No sooner does Ray open the package but two sinister men from the O’Hara Foundation come to take the steam ball. A terrific chase ensues, but the men eventually kidnap Ray and the steam ball. Ray wakes up to find that his father is in cahoots with evil men running the O’Hara Foundation, which wants to sell new steam-powered weapons to the nations of the world, except England. Ray’s father has constructed a gigantic Steam Castle in London, near London’s scientific exhibition hall, where the Foundation plans to display the war weapons to the world governments. The heir to the Foundation is a conceited girl named Scarlett who develops an affection for Ray.
As Ray’s knowledge of the Foundation’s plans, and of his father’s own plans for the Steam Castle, grows, Ray must decide whose side he should take. This is not easy, because the English government also wants to manufacture steam balls to create powerful new weapons of war. As the English government literally battles the O’Hara Foundation in London, Ray must quickly determine how to save the situation, help his grandfather and perhaps redeem his father.
Well animated with complex steam engines and steam-powered machines with many giant gears, STEAMBOY is an exciting, at times visually stunning science fiction fable for older children and teenagers, especially boys. Otomo has created a unique, but familiar, vision that reminds one of some of the machines created by Jules Verne in his 19th Century science fiction works. STEAMBOY has an old-fashioned sensibility and, therefore, may be a good introduction to animated Japanese cartoons with lots of action for families. Except for some of the action violence and scary machines, the rest of the movie could have been rated G or PG instead of PG-13.
STEAMBOY has a strong moral worldview. It talks about the dangers of science and sends a warning about the evils of wars like the American Civil War and World War I. There is even some positive Christian content in the form of an Anglican priest who talks briefly about Jesus during a ceremony featuring the Queen Victoria.
Moviegoers should know, however, that the movie contains a lot of mostly bloodless action. In addition, the hero’s father has been injured by a steam explosion and has a mechanical arm and metal plate on his head.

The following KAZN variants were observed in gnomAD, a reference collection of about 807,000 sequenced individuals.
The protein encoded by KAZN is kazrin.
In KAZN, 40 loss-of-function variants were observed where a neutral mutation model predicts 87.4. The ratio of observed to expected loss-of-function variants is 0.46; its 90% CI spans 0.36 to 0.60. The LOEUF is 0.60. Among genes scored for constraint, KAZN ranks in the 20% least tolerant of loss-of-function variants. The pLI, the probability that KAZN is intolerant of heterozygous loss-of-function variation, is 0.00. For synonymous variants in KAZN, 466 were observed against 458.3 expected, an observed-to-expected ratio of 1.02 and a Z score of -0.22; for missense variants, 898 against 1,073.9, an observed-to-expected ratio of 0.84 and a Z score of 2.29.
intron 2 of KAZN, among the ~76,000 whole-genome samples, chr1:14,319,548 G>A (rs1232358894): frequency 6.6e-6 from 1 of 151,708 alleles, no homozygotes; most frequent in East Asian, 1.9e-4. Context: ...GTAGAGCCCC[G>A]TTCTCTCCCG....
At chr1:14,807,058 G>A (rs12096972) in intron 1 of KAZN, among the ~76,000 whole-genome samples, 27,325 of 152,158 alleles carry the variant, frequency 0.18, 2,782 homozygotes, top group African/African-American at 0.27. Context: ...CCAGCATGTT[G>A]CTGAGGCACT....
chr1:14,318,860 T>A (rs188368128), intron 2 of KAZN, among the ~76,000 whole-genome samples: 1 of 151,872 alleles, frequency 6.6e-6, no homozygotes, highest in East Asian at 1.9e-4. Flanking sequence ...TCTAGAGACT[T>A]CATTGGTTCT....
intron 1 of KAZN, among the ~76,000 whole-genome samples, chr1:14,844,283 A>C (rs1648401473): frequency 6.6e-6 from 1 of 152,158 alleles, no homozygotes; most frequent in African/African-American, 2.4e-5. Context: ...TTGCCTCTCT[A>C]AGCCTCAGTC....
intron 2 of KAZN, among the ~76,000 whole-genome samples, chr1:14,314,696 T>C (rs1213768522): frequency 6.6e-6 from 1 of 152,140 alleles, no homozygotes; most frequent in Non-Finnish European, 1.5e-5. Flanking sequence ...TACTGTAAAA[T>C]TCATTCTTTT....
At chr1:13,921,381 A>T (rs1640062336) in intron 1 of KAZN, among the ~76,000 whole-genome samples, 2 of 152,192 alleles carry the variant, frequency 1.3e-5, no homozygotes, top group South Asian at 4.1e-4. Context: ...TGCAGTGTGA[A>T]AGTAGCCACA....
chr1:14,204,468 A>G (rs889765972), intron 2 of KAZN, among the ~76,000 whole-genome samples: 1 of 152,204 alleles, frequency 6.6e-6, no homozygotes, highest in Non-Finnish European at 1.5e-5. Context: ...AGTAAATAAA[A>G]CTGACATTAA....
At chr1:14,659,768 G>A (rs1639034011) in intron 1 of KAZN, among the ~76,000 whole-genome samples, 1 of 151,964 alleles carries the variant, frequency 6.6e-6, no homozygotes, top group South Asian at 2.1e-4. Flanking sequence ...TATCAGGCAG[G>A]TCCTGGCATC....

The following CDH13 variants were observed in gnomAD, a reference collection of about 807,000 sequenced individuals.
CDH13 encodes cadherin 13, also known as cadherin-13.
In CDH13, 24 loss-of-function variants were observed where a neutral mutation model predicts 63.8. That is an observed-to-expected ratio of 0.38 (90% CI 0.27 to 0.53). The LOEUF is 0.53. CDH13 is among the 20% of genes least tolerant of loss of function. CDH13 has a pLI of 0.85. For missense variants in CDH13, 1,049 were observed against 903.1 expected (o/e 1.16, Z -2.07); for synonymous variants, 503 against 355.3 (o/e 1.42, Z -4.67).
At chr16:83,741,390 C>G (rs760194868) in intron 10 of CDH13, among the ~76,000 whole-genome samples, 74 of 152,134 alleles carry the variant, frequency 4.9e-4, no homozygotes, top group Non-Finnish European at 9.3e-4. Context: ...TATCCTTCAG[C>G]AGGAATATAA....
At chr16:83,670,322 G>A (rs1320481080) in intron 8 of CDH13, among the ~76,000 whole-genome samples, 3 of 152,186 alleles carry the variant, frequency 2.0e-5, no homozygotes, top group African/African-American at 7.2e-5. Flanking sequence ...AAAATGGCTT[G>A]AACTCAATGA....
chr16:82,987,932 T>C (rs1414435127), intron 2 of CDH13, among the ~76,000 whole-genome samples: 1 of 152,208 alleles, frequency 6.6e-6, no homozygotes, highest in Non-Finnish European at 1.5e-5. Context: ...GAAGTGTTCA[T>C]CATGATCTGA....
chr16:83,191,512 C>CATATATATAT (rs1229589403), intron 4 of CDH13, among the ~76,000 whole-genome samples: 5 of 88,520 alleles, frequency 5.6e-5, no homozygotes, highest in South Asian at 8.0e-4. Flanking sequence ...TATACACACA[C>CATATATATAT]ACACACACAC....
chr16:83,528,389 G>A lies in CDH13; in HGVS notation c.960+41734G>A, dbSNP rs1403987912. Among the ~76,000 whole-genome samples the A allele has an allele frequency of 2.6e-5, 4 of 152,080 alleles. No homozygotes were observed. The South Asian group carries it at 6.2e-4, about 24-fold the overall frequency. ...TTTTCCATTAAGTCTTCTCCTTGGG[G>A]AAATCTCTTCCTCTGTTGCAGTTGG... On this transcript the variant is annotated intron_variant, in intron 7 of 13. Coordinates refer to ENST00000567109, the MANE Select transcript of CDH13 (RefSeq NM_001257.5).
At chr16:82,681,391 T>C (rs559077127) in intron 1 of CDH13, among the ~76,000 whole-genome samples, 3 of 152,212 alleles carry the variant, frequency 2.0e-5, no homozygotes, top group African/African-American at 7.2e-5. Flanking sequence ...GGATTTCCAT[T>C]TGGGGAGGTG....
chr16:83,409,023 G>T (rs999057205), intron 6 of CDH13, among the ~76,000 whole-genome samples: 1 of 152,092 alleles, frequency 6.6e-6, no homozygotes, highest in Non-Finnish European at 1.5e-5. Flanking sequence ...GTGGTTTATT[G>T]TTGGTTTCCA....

STEAMBOY also has some anti-capitalist elements and a modern anti-war message that sounds a little pacifistic and politically correct. There is also talk about the Age of Science that began in the 19th Century and that grew so powerful in the 20th Century. By the end of the movie, the boy hero has gained a more mature understanding of the benefits and dangers of science. Some images over the end credits imply that the film’s creator has a lot more stories to tell about Ray and Scarlett. The movie suggests, for example, that Ray grows up to use the steam-powered jet propulsion pack he develops in the movie and that Scarlett grows up to become the leader of her family’s foundation.
STEAMBOY is a Japanese cartoon in English about an English boy in 1866 born into a family of inventors. A group of men from the nefarious O’Hara Foundation kidnaps the boy, Ray, and a package from his grandfather containing a small steam ball, a source of unbelievable power with high-density, compressed steam. Ray wakes up to find that his father is in cahoots with evil men running the Foundation, which wants to sell new steam-powered weapons to the nations of the world, except England. Ray must decide whose side to take, his father’s or his grandfather’s. This is not easy, because the English government also wants to use his family’s powerful new steam technology to create weapons.
Reminiscent of Jules Verne, STEAMBOY is an exciting, sometimes visually stunning science fiction fable for older children and teenagers, especially boys. It has a strong moral worldview with some positive Christian content, as well as some anti-capitalist elements and a modern anti-war message that sounds a little pacifistic and politically correct. There is also talk about the Age of Science, but science and technology are seen as a dangerous tool that can nevertheless be used for good.